Place another clean kitchen towel/piece of paper towel on another clean plate. Heat a nonstick frying pan over medium high heat. Place one pancake pair, without any oil, into the heated pan, and cook about 30 seconds or until the top pancake forms air bubbles. Flip, and cook the second side another 30 seconds, or until the new top pancake begins to bubble. If they don’t seem to be bubbling, remove them from the heat anyway – you don’t want them to crisp or you won’t be able to wrap with them later.

Once on the fresh lined plate, pull the two pancakes apart, and cover them with a fold of towel/piece of paper towel. Cook the remaining pairs, then serve immediately or wrap tightly with plastic wrap.

If you prepared the pancakes earlier, then when ready to eat, either steam for 10 minutes, or wrap in a barely damp paper towel, followed by plastic wrap, and microwave until hot, to get them moist and flexible again.

Keep the hot pancakes covered to keep them warm throughout the meal. Leftover pancakes can be stored in an airtight container in the fridge for two days, or frozen 1 month.

Mu Shu Pork:

  • 1 pound boneless pork loin or boneless center-cut pork chops
  • 3 tablespoons soy sauce or tamari, divided
  • 2 tablespoons sake, dry sherry, or Shaoxing rice wine
  • 1 1/2 teaspoons cornstarch
  • 4 tablespoons vegetable oil, divided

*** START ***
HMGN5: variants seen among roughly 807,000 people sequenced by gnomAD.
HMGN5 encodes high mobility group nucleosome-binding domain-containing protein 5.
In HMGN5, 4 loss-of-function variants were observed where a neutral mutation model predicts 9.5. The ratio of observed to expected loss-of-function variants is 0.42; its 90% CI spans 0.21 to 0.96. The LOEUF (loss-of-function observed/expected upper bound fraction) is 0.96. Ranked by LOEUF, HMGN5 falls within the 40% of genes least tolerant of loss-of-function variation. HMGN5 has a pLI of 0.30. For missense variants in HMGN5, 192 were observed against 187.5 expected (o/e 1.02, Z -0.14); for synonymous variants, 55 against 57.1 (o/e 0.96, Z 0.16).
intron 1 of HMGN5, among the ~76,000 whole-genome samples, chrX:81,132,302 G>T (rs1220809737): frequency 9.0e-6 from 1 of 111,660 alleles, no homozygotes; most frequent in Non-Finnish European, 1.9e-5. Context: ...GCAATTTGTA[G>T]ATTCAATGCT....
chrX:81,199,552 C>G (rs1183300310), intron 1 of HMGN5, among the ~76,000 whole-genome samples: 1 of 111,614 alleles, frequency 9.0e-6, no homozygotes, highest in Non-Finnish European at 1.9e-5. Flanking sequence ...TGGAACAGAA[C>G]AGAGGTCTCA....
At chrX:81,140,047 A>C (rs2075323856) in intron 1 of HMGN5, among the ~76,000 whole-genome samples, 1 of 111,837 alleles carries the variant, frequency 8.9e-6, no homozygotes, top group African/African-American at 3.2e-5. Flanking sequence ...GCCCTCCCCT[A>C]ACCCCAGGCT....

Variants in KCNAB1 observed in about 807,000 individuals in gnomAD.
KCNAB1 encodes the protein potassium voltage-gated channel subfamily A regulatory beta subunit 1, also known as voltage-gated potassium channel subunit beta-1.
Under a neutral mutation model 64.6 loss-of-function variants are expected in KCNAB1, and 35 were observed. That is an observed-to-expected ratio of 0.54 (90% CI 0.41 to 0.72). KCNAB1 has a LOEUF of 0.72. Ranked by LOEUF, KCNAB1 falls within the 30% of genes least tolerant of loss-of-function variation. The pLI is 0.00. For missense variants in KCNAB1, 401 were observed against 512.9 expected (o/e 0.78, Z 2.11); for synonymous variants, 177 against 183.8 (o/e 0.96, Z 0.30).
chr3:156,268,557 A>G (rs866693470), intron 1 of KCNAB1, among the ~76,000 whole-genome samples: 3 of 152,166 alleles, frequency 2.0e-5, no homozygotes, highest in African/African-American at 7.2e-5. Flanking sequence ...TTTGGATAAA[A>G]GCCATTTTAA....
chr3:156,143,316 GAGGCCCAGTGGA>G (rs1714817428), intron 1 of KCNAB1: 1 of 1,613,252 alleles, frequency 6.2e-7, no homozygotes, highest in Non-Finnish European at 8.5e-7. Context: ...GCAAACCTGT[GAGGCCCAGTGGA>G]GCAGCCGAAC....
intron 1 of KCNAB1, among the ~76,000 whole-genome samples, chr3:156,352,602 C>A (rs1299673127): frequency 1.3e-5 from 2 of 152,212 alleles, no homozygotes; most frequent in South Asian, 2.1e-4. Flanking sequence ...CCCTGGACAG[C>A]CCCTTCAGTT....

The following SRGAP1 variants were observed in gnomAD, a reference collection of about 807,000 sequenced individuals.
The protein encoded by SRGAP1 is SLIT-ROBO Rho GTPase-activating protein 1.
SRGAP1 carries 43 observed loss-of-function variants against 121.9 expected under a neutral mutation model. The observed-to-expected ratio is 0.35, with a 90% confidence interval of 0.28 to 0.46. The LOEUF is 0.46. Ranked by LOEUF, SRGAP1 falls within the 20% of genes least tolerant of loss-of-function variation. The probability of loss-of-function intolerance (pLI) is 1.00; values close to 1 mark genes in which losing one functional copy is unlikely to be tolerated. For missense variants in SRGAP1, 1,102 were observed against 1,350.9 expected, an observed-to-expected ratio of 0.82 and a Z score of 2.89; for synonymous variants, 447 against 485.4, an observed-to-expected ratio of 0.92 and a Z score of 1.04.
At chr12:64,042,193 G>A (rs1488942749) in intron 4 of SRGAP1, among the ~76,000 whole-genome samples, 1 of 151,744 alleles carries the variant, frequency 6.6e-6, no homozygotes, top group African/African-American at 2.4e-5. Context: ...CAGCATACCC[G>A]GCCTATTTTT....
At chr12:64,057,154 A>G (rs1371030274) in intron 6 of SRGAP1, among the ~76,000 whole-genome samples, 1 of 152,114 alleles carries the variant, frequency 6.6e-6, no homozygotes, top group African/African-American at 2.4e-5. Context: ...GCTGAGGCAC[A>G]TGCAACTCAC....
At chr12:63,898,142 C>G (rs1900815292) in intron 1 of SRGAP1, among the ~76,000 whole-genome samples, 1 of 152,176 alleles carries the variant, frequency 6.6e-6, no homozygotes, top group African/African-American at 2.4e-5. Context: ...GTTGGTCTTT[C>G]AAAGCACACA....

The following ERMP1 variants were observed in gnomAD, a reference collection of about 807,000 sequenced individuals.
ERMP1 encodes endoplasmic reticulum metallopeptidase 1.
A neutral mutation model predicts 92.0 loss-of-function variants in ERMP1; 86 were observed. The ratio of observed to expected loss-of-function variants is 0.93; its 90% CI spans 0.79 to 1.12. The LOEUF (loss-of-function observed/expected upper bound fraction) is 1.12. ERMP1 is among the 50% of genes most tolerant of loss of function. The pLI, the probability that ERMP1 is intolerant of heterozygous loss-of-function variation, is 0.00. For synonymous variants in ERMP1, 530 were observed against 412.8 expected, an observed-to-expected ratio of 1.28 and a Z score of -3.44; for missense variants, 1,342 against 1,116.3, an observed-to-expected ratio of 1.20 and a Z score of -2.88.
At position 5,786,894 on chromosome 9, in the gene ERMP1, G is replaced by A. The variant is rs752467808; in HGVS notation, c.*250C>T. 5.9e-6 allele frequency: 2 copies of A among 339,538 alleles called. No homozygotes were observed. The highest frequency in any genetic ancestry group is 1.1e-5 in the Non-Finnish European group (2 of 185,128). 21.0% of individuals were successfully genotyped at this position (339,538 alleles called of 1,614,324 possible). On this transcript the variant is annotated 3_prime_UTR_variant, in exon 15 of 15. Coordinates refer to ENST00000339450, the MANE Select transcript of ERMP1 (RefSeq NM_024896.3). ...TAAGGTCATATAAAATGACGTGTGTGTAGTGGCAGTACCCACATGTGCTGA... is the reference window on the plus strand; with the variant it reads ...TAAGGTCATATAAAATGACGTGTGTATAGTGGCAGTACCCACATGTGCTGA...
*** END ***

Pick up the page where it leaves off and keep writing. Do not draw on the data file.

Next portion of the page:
• 2 eggs, beaten with a pinch of salt
  • 4 cloves garlic, minced
  • 6 green onions, thinly sliced
  • 1/3 cup wood ear mushrooms, soaked in warm water for 15 minutes, squeezed dry, and shredded
  • 2 cups shredded cabbage
  • 1/2 cup shredded carrots
  • 1/2 cup drained and rinsed canned bamboo shoots, shredded lengthwise
  • 1/4 teaspoon salt
  • hoisin sauce, for serving

Cut the pork into 4 chunks and freeze 20-30 minutes, so that it firms up. Cut into 1/4″ thick slices, then stack and cut into thin slices. Combine the sliced pork with two tablespoons of the soy sauce, the sake, and the cornstarch. Set aside to marinade while you prepare the other ingredients.

Heat one tablespoon of oil in a large frying pan or wok over medium-high heat. Add the eggs and let them cook until puffy, about 30 seconds, before scrambling them until cooked through, making sure to break the egg up into small pieces. Transfer to a medium bowl and set aside.

Add another tablespoon of oil to the pan, return the pan to the heat, and add half the pork, letting it cook undisturbed for 30 seconds. Stir, and continue to cook until cooked through, about 3 minutes, then transfer to the bowl with the eggs. Repeat with another tablespoon of oil and the other half of the pork.

Heat the remaining tablespoon of oil and cook the garlic and green onions for 30 seconds. Add the wood ear, cabbage, carrots, and bamboo, and cook until the cabbage starts to wilt, about 3 minutes. Add back the pork and eggs, and stir in the remaining tablespoon of soy sauce and the salt. Cook until heated through.

To serve, spread a bit of hoisin on one of the pancakes, then top with the pork mixture and wrap shut.

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About sparecake

My name's Corinne, and I like cake, cookies, and chocolate! Also, non-c-things such as ponies, Star Trek, and biking. I write a food blog and a blog about life, wide open spaces, and museum work. Nice to meet you!
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2 Responses to Mu Shu Pork

  1. Pingback: 2015-2-20 Fabulous Friday Finds | surviving the food allergy apocalypse

  2. Pingback: Crock Pot Chicken Chow Mein | sparecake